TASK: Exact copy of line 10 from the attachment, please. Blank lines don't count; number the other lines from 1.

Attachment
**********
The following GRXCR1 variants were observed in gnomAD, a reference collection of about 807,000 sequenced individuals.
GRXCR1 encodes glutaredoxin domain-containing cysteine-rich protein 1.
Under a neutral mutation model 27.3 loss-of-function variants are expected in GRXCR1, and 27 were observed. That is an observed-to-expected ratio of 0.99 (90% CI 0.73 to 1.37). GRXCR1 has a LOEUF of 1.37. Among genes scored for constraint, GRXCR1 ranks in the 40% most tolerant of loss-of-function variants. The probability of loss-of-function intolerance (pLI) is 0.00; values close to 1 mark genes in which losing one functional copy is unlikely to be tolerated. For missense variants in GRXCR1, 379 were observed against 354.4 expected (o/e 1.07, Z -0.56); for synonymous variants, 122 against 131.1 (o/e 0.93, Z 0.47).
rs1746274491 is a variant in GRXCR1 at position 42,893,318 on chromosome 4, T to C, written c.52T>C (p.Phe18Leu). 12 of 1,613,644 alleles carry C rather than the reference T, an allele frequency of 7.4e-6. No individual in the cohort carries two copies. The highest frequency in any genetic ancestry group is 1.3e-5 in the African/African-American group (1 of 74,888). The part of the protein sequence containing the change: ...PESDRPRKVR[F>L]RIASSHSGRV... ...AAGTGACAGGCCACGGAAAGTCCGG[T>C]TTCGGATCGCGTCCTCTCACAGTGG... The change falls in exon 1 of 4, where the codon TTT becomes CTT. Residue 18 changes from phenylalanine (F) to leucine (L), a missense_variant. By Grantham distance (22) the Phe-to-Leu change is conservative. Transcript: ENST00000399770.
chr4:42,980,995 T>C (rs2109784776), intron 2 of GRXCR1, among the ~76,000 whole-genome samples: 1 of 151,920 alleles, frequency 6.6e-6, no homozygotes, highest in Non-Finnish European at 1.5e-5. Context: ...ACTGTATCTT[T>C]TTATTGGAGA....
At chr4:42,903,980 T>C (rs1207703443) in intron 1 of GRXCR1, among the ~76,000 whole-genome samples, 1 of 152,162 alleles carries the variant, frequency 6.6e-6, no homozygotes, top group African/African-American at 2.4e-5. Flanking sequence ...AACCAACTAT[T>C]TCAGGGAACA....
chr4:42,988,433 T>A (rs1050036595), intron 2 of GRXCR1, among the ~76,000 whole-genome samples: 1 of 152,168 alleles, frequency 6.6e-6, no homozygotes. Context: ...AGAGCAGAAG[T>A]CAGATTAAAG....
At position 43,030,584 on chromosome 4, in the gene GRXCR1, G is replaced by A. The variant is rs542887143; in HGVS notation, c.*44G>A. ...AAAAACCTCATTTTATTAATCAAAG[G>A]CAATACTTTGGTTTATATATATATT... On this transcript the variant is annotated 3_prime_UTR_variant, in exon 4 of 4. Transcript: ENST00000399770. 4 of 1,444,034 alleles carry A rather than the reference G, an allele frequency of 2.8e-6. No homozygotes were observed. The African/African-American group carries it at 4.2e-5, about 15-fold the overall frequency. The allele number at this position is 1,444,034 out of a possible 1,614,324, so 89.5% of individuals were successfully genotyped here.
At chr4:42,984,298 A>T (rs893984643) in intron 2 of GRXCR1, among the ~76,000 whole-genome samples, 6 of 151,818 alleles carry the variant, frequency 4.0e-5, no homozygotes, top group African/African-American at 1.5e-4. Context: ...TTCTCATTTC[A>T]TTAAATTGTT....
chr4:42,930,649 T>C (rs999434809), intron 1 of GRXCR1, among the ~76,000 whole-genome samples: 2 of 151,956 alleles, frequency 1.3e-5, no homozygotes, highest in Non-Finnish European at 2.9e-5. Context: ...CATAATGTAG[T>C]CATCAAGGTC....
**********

chr4:42,930,649 T>C (rs999434809), intron 1 of GRXCR1, among the ~76,000 whole-genome samples: 2 of 151,956 alleles, frequency 1.3e-5, no homozygotes, highest in Non-Finnish European at 2.9e-5. Context: ...CATAATGTAG[T>C]CATCAAGGTC....